Reason Roundup

Who Sabotaged the Nord Stream Pipelines?

Plus: Gov. Ron DeSantis gets accused of fair-weather fiscal responsibility, warrantless drone searches might be illegal, and Lizzo's flute playing sparks a fake controversy.


Speculation abounds about who or what could have damaged the Nord Stream pipelines in the Baltic Sea, a whodunit case that is raising fears about widening the war in Ukraine. The two pipelines—which carry natural gas from their source in Russia to their destinations in Germany—sprung leaks in four separate locations in Swedish- and Danish-controlled international waters earlier this week.

Seismologists say they detected explosions near the pipelines at the time. That and the fact that the leaks happened simultaneously on two separate pipelines that were built at different times has led many to conclude that the damage was likely sabotage.

On Thursday, the North Atlantic Council—the governing body of the 28-member National Atlantic Treaty Association (NATO)—released a statement declaring that the leaks were almost certainly the "result of deliberate, reckless, and irresponsible acts of sabotage."

"Any deliberate attack against Allies' critical infrastructure would be met with a united and determined response," the military alliance said.

The council didn't provide any new information proving sabotage. It also didn't identify who the alliance thought was behind the alleged attacks on the pipeline.

So…who did it?

Emma Ashford, a senior fellow at the Stimson Center (and former Cato Institute scholar), has posted an interesting Twitter thread parsing different possibilities that people have been tossing around, which include sabotage by Russians, Americans, Ukrainians, other Eastern Europeans, or even the Chinese.

Her best guess is that this was done by Moscow, possibly as a way of hurting the West in a war that's going badly, or perhaps even to avoid lawsuits when Russia's state-owned Gazprom fails to fulfill contracts for gas delivery. Russia had already stopped gas exports to Europe through the Nord Stream pipeline in August. Nord Stream 2 hasn't opened for business yet.

The Russian government, for its part, has denied responsibility for the attack. Per The Wall Street Journal, a Russian government spokesperson seemed to suggest that NATO would have had a far easier time sabotaging the pipelines.

That idea has found a supporter in Fox News host Tucker Carlson. On Tuesday, Carlson speculated that the U.S. was behind the attack, pointing to pre-war comments from President Joe Biden that if Russia invaded Ukraine, "there will be no longer a Nord Stream 2. We will bring an end to it."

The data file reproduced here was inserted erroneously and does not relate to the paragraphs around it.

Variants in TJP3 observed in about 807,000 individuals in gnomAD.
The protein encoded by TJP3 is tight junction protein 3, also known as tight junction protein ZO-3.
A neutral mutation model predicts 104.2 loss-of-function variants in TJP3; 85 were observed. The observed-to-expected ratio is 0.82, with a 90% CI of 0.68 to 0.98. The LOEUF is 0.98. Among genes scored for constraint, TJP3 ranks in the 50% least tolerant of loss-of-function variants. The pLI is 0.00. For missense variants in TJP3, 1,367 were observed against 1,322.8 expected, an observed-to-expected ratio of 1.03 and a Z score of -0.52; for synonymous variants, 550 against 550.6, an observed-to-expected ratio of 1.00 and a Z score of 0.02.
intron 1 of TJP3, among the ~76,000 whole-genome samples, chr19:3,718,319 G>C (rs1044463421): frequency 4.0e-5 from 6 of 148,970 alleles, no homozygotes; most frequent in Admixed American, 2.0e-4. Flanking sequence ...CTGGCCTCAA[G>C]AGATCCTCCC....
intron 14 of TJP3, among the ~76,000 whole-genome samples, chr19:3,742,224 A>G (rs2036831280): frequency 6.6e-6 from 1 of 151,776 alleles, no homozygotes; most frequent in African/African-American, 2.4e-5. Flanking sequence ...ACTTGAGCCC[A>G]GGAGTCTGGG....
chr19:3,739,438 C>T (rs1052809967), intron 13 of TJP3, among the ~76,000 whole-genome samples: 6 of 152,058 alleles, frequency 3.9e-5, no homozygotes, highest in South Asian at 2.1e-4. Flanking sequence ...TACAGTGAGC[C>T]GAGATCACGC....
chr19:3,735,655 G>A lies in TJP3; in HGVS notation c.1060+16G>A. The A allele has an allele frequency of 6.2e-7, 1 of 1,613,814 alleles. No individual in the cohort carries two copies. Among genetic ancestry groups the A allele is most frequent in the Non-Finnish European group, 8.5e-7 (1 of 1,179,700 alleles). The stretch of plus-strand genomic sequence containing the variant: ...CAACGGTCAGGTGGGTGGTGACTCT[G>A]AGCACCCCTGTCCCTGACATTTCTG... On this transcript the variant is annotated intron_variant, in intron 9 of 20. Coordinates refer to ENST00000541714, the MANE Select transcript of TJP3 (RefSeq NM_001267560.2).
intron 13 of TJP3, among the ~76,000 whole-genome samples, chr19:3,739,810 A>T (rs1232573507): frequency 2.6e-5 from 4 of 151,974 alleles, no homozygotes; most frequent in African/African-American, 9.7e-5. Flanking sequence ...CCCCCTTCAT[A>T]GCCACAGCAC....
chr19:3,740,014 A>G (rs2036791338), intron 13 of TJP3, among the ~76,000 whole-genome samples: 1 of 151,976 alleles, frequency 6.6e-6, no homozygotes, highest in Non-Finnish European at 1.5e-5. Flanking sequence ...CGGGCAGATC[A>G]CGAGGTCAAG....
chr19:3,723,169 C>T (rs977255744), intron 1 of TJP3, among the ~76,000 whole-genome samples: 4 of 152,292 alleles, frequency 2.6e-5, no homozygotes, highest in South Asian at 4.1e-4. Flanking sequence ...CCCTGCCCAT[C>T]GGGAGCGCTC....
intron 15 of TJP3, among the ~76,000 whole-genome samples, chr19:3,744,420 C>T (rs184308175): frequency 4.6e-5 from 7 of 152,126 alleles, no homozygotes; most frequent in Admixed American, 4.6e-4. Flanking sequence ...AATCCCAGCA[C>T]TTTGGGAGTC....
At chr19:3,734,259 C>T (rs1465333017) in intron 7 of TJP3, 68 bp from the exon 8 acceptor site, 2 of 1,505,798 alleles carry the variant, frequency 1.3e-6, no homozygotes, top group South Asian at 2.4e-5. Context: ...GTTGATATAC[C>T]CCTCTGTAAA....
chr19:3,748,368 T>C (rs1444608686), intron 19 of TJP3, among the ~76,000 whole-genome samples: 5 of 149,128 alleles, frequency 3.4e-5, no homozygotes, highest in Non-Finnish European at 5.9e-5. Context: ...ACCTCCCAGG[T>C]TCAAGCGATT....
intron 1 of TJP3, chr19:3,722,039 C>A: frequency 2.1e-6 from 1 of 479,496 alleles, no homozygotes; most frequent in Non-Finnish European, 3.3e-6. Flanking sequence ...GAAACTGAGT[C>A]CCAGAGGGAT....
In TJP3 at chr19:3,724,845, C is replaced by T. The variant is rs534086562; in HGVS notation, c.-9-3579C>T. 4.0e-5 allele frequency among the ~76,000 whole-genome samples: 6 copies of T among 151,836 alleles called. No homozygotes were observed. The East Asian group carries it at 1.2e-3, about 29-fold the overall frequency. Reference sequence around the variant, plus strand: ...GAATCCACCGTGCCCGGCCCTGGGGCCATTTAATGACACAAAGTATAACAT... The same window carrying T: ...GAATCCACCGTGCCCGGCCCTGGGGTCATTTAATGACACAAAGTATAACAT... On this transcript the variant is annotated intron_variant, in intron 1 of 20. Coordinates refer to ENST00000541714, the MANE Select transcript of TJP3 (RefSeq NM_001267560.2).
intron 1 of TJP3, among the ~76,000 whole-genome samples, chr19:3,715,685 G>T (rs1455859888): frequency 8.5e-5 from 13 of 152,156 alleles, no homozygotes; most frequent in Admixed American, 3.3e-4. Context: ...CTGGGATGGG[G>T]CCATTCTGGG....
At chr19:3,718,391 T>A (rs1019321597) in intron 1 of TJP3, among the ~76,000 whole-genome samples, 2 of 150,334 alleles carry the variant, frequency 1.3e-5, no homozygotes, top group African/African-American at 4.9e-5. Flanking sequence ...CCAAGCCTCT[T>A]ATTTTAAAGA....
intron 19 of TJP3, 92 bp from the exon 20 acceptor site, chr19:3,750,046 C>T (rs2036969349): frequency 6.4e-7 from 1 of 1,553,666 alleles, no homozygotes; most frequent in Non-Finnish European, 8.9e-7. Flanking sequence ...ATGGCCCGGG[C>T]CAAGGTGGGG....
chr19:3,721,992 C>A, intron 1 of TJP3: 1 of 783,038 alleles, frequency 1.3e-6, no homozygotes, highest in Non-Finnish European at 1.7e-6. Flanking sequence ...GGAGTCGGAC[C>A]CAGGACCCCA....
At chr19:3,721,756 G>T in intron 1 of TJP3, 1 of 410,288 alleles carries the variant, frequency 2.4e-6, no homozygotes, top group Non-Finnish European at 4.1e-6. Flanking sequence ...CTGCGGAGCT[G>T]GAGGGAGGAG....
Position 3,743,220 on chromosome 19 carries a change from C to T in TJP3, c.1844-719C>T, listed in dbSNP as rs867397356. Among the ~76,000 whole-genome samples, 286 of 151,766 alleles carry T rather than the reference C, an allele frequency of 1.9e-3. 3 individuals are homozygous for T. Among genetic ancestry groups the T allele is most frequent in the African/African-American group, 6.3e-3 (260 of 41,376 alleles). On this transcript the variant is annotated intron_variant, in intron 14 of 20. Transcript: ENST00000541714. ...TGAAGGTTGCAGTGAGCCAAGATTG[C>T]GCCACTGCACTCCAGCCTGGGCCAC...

Fueling some of the speculation that the U.S. was behind the alleged attack was a tweet from Radek Sikorski, a Polish member of the European Parliament, that seemed to thank the U.S. for damaging the pipeline. Sikorski's follow-up comments, however, seem to put the blame back on Russia.

Whoever is responsible, the immediate economic impacts of the pipelines being out of commission are basically zero, given that neither was carrying gas to Europe when they were damaged.

Europe is nevertheless expected to see a recession comparable to the 2009 financial crisis because of a shortage of Russian gas exports generally. Bloomberg is predicting that European GDP could fall as much as 5 percent over the winter. Inflation is at 10 percent in the Eurozone. European governments are expanding aid to help people cope with gas prices. There's even some talk of price caps.


The government can't just fly a drone over your property to look for weed. So concluded a Colorado judge, who ruled that the police's warrantless use of a drone to survey an illegal grow operation amounted to illegal trespass.

A criminal case against the man accused of illegal cultivation was dropped as a result. He's now suing the officers involved.


Some people are accusing Florida Gov. Ron DeSantis of fair-weather fiscal responsibility for requesting federal hurricane aid after having voting against similar aid in the past. On Wednesday, the Republican governor asked President Joe Biden to declare a major disaster in response to the damage caused by Hurricane Ian, and release federal disaster relief funds.

The New York Times dutifully published a story highlighting the alleged discrepancy between that request and DeSantis' vote against a Hurricane Sandy relief package in 2013, when he was a Florida congressman.

"Nearly a decade later, as his state confronts the devastation and costly destruction wrought by Hurricane Ian, Mr. DeSantis is appealing to the nation's better angels—and betting on its short memory," writes the Times. Such accusations have also come from a number of New York Democrats, evidently still bitter about his opposition to Hurricane Sandy aid.

These attacks are a little off-base, as accusations of Republican disaster relief hypocrisy often are.

The Hurricane Sandy aid package that DeSantis voted against was a supplemental disaster appropriation that Congress hadn't budgeted for and would be debt-funded. He didn't object to the aid per se, arguing instead that it should come with spending offsets.

The money DeSantis is asking Biden to release, meanwhile, is disaster relief funding that's already been appropriated and budgeted for. It's there to be spent.

Don't give DeSantis too much credit, though. He did vote for a gigantic $36 billion supplemental aid package in 2017 after hurricanes Harvey, Irma, and Maria. That's a much more direct example of hypocrisy.


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